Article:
This white bean soup is easy to make, delicious to eat and very pretty to look at! It's my new favourite thing for lunch on the weekend. White beans are tasting so good right now. They have a mild, earthy flavour that's a great comfort on a cool fall day.
I adapted this recipe from Laura Calder's chickpea soup on her show French Food at Home. She uses presoaked chickpeas, but I've made this with all kinds of canned white beans, including navy, white kidney and cannelini beans. And instead of just thyme sprigs, I've also been adding fresh oregano and sage because we grew these herbs on our balcony this year.
White bean soup
1 can of white beans: navy, white kidney or cannelini
one onion, diced
a handful of fresh herbs (sage, oregano or thyme)
chicken stock to cover
pinch of cumin
sprinkle of paprika
drizzle of olive oil
salt and pepper
Rinse the beans well in a colander and put them in a small soup pot with the diced onion, bay leaf and fresh herbs. Pour over enough chicken stock to cover the ingredients. Turn up the heat and let simmer for 20 minutes, or until the herbs have turned olive green.
Take the pot off the heat and discard the herbs and bay leaf. Carefully blend the soup with an immersion blender. (I usually do this in the sink in case it splatters.) Add a pinch of cumin to the soup and warm it up on the stovetop again.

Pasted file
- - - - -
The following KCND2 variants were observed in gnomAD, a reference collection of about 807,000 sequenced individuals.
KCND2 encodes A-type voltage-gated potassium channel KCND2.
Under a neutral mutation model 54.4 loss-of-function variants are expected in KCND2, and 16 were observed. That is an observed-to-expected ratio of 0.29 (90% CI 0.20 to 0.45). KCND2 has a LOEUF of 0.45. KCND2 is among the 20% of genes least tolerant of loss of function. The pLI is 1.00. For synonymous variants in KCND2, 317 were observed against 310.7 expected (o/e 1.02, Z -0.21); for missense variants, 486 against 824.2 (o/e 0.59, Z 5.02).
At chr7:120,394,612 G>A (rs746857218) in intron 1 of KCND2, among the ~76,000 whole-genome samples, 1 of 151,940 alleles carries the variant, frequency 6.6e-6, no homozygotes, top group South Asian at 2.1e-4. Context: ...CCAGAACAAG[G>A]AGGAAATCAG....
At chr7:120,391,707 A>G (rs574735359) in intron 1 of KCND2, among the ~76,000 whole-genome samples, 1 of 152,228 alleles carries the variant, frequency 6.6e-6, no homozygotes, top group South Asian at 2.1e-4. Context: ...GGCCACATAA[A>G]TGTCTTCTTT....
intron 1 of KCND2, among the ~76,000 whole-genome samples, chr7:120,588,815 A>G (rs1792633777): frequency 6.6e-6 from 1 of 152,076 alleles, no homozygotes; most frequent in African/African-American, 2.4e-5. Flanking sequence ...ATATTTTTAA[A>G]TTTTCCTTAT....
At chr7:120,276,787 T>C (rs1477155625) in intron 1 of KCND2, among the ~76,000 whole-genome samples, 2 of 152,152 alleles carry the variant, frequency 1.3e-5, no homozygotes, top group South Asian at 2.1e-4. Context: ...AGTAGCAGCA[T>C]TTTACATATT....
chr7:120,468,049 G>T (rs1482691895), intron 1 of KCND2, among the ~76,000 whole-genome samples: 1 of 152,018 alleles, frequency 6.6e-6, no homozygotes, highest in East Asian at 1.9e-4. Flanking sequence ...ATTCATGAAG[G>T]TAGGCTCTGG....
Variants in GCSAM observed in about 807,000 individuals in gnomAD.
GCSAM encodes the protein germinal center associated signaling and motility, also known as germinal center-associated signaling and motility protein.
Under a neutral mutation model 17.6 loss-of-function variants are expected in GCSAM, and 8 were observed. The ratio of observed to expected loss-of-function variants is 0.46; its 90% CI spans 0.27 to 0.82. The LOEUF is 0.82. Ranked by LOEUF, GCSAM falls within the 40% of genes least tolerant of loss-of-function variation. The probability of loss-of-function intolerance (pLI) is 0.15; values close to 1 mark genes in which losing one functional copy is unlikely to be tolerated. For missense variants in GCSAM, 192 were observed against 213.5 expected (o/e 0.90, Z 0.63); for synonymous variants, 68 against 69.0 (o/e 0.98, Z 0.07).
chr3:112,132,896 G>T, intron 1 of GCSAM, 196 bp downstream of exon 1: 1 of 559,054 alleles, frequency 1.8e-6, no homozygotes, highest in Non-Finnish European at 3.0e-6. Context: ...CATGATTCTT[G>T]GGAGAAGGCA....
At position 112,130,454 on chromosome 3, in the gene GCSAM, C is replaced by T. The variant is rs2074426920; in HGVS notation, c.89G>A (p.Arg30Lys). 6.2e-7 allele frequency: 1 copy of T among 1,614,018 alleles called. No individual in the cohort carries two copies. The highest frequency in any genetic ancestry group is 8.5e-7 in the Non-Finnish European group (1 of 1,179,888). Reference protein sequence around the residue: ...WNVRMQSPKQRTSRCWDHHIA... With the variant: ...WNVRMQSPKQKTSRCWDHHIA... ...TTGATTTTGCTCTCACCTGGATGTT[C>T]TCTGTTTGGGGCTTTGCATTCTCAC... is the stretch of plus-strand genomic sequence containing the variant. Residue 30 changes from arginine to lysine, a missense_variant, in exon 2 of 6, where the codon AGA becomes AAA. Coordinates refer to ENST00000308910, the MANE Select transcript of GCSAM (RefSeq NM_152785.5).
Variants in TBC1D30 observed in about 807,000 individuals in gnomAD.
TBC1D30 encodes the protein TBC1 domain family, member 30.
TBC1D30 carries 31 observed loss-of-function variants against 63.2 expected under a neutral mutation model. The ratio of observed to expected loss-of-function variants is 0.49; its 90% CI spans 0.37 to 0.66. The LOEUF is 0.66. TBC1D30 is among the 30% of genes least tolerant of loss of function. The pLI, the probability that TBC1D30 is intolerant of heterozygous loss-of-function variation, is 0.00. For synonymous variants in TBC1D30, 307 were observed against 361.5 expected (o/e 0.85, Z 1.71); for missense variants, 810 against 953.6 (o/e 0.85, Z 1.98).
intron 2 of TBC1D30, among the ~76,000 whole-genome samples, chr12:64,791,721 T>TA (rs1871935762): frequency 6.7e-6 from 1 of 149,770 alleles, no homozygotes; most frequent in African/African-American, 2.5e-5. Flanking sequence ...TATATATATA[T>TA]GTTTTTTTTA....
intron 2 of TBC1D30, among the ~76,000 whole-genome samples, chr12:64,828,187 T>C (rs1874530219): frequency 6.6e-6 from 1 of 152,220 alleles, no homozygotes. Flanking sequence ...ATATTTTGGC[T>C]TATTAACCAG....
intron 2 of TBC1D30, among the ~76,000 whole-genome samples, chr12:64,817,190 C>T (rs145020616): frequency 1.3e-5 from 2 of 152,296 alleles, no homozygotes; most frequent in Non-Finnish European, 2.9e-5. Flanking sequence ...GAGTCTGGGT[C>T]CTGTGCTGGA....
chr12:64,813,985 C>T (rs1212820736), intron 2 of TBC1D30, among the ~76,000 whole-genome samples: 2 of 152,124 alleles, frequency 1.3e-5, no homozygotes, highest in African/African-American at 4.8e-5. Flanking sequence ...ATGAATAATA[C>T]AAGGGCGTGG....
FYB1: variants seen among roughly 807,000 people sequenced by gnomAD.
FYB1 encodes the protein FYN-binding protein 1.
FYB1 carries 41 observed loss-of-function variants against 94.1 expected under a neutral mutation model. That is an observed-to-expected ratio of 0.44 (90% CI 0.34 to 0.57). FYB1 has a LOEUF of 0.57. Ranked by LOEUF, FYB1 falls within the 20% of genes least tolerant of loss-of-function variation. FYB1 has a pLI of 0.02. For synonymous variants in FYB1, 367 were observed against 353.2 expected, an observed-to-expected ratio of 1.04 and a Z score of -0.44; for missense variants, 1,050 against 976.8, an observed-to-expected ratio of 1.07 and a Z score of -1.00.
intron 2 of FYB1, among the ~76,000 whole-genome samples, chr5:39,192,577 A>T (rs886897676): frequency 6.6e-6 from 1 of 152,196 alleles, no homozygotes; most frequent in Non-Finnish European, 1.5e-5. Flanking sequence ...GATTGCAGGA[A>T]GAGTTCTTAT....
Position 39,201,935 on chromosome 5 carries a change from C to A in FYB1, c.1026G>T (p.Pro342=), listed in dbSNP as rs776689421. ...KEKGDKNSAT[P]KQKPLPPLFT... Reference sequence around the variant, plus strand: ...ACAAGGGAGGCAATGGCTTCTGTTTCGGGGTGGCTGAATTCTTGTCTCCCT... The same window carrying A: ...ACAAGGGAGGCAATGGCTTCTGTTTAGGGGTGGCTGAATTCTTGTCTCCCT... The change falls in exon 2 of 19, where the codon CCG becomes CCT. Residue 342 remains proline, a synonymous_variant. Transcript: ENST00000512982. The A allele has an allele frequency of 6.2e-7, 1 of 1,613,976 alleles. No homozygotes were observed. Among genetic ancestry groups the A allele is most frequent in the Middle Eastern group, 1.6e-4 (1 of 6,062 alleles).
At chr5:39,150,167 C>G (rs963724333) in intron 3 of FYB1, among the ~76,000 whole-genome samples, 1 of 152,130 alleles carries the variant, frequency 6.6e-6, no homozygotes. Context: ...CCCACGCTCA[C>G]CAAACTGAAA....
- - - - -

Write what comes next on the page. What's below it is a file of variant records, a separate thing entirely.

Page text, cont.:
Ladle the soup into bowls and season with salt and pepper. Add a sprinkling of paprika on top and a drizzle of olive oil. Serve with baguette.
Sunday, October 24, 2010
Sunday, October 17, 2010
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Tis the season for comfort food! I've been making a lot of this beef stew lately. It's enriched with red wine and beef broth, and lots of aromatics give it depth of flavour.
My beef stew obsession, although always lurking in the background, was recently reawakened following a trip to Calgary where S's dad made us a to-die-for oxtail stew that just rocked my world. (His guest post on it is coming soon.) When we returned home, I was inspired to make a signature stew of my own. I've tried it a few times now, and I think I've finally found my stewing groove in this recipe that follows.
Serves four to six
1.5 kg stewing beef, cut into large cubes
1/2 cup flour for dredging
2 carrots, finely diced
2 carrots, cut into large cubes (~3 cm wide)
2 celery ribs, finely diced
2 small onions, finely diced
2 sweet potatoes, cut into large cubes (~3 cm wide)
4 cloves of garlic, finely diced
4 bay leaves
1 Tbsp herbes de Provence
a pinch of hot pepper flakes
1 cup red wine
2 Tbsp tomato paste
3 cups beef stock
1 parmesan rind
1 Tbsp balsamic vinegar
chopped parsley for garnish
salt and pepper
Dredge the meat cubes in the flour and dust off. Heat some olive oil in a heavy-bottomed pan on medium to high heat. Add the meat cubes and brown on each side, seasoning with salt and pepper and turning the heat down as necessary. You want to caramelize the surface, not cook them through. Take the meat out of the pan and set aside. You will now have a deliciously dirty pan with lots of black bits on the bottom (and black bits = flavour!)